'You may say that I'm a dreamer....'
‘I am so excited, in a way that I haven’t felt since I was first elected…I, we, are prepared to dream that this could be possible’. This is not usually the sort of language you expect to hear from a Westminster politician. But these are the words of Heidi Allen, conservative MP for South Cambridgeshire. On Wednesday, she, along with two other prominent women parliamentarians, announced they were leaving the Conservative party and going to sit in parliament as independents. They joined eight Labour MPs who had left their own party shortly before.
What they claim in common is the wish to move away from the extreme thinking which they believe is taking over their respective parties. These MPs want to form a moderate middle ground in British politics which is in touch with the lives of ordinary people and not driven by deeply partisan concerns. It is a high-risk strategy. Such breakaway groups have rarely been successful in challenging the UK’s traditional binary political system.
But enough of British politics. Our theme this week is ‘the courage to dream’. Perhaps the most important ‘dreamer’ of modern times was Martin Luther King. His ‘I have a dream’ speech delivered in 1963 evoked a world where the colour of a person’s skin, which side of the tracks they came from, was unimportant. Is his dream is being fulfilled? As white people, we’re not sure we have the right to judge. But we do admire and share that dream.
Because it’s not just people in the public eye who have dreams. We all have dreams. We all long for a better world where there is justice, equality and mutuality. But we all face multiple temptations to allow ideals to fade and wither as we encounter disappointments. When we hope and work for ideals which fail, our dreams can be extinguished slowly and silently. Cynicism is often the result.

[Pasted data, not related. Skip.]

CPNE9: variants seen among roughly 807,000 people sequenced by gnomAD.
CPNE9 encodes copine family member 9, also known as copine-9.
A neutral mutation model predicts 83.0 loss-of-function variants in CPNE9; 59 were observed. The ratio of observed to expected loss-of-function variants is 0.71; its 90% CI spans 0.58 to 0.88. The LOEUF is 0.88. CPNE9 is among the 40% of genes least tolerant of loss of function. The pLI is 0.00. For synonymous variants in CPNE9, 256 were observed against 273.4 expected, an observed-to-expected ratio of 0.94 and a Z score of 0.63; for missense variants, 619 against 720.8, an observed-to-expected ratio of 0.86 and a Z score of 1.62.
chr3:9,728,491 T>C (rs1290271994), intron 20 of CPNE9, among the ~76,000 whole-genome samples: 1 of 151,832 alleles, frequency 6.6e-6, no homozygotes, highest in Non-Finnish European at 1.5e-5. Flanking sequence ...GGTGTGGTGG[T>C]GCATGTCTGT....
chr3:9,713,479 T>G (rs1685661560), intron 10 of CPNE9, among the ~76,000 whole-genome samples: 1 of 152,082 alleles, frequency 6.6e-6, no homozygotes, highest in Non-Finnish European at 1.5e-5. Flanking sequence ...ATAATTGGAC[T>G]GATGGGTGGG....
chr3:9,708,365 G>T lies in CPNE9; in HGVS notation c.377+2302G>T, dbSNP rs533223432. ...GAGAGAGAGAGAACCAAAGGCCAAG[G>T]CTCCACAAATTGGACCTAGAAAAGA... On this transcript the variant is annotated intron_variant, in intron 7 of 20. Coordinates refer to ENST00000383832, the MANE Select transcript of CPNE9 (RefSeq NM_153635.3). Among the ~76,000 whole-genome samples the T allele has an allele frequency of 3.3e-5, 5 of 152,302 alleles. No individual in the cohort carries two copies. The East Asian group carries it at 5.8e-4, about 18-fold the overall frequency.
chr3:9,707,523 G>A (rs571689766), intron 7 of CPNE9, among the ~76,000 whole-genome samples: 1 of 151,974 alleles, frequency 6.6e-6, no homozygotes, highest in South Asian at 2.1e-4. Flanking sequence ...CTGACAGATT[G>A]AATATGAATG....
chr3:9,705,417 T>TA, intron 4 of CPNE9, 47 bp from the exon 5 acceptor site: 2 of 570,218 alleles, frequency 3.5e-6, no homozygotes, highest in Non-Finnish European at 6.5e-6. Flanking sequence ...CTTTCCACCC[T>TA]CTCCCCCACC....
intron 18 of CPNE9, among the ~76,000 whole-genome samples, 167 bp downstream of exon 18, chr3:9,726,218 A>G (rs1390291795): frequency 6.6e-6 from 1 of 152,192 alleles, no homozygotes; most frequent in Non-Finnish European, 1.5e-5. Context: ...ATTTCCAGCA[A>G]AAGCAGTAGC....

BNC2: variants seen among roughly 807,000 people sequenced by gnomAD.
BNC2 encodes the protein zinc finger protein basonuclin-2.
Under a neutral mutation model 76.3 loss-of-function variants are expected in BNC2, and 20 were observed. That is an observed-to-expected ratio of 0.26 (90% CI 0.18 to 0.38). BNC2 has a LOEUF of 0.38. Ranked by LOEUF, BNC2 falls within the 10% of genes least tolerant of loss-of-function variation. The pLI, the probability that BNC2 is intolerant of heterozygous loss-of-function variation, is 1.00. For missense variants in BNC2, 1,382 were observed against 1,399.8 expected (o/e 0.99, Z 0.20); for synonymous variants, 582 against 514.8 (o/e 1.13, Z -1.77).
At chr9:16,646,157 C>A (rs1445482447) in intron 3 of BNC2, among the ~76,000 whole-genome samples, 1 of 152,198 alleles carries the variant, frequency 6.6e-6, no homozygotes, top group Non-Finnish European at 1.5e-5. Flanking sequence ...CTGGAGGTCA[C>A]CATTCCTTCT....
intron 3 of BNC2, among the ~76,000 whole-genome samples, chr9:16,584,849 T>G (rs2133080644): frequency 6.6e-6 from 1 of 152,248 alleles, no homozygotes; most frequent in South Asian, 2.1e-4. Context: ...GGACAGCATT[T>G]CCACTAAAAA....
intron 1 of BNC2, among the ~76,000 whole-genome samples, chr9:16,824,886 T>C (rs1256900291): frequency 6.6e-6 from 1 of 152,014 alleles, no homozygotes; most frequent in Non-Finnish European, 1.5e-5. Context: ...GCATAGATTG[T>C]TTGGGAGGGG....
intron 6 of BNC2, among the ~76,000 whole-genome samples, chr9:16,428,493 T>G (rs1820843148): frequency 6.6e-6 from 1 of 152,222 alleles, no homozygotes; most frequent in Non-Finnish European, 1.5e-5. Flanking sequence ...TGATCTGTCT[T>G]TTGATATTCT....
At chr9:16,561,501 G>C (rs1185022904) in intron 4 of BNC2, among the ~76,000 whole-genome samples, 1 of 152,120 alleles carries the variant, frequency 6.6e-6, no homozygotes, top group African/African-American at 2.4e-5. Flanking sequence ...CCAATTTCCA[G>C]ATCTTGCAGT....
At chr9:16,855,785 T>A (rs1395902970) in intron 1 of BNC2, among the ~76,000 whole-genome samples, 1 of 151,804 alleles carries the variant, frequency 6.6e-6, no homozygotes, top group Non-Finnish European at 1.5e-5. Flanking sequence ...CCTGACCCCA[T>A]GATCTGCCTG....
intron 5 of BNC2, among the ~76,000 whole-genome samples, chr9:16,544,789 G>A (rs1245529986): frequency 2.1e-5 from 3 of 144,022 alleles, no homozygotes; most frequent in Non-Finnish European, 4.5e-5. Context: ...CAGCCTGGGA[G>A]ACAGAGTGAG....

And some of our dreams are very personal. Maybe that is why, when we do get around to talking about our dreams, we often find it difficult to say what really matters to us. We rarely actually use the ‘d’ word. We tend to talk about ‘standards’ or ‘values’ or ‘principles’. To say, ‘I dream of a world in which men and women respect each other,’ seems far too self-revealing. ‘Dream on!’ is very likely to be the response!
Of course, we all need people who will anchor us in the sometimes-harsh realities of life. At the same time, it can be a lazy response to rush in with a ‘yes but…’, a ‘get real…’ or other dismissive phrase.
If we believe in changing the world even on a micro scale, we all need people who listen not just to the words we say but to the spaces between the words. Words can be spoken clumsily sometimes. Careful listening and gentle questioning can help us to do two things: first to speak out our dreams. And then to identify and take the first practical steps towards making them a reality. We do each other a valuable service when we take the time in the waking, rushing world to listen for and try to understand each other’s dreams.
‘Tread softly for you tread on my dreams’, said the Irish writer W.B.Yeats. Treading softly is a rare service we can offer each other. John Lennon was right: ‘You may say I’m a dreamer but I am not the only one…’
Listen out for dreams, not least your own, for dreams give life. Maybe even in the gnarled world of British politics today.